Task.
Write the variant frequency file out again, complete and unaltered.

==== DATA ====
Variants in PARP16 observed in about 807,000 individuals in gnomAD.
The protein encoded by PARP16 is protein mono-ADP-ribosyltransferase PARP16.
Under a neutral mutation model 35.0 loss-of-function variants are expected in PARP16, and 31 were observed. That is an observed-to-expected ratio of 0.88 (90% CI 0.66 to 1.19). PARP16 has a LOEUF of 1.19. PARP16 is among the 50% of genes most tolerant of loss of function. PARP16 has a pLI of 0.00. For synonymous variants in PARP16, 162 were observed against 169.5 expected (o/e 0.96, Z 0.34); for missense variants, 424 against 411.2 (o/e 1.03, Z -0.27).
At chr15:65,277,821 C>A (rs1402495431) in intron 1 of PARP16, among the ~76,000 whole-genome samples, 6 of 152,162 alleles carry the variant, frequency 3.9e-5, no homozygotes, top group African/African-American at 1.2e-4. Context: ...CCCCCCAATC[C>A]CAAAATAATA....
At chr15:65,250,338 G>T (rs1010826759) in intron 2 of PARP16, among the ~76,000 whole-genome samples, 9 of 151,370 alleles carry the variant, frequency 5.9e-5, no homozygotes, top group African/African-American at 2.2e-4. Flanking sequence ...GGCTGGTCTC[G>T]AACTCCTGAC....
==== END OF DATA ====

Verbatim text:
Variants in PARP16 observed in about 807,000 individuals in gnomAD.
The protein encoded by PARP16 is protein mono-ADP-ribosyltransferase PARP16.
Under a neutral mutation model 35.0 loss-of-function variants are expected in PARP16, and 31 were observed. That is an observed-to-expected ratio of 0.88 (90% CI 0.66 to 1.19). PARP16 has a LOEUF of 1.19. PARP16 is among the 50% of genes most tolerant of loss of function. PARP16 has a pLI of 0.00. For synonymous variants in PARP16, 162 were observed against 169.5 expected (o/e 0.96, Z 0.34); for missense variants, 424 against 411.2 (o/e 1.03, Z -0.27).
At chr15:65,277,821 C>A (rs1402495431) in intron 1 of PARP16, among the ~76,000 whole-genome samples, 6 of 152,162 alleles carry the variant, frequency 3.9e-5, no homozygotes, top group African/African-American at 1.2e-4. Context: ...CCCCCCAATC[C>A]CAAAATAATA....
At chr15:65,250,338 G>T (rs1010826759) in intron 2 of PARP16, among the ~76,000 whole-genome samples, 9 of 151,370 alleles carry the variant, frequency 5.9e-5, no homozygotes, top group African/African-American at 2.2e-4. Flanking sequence ...GGCTGGTCTC[G>T]AACTCCTGAC....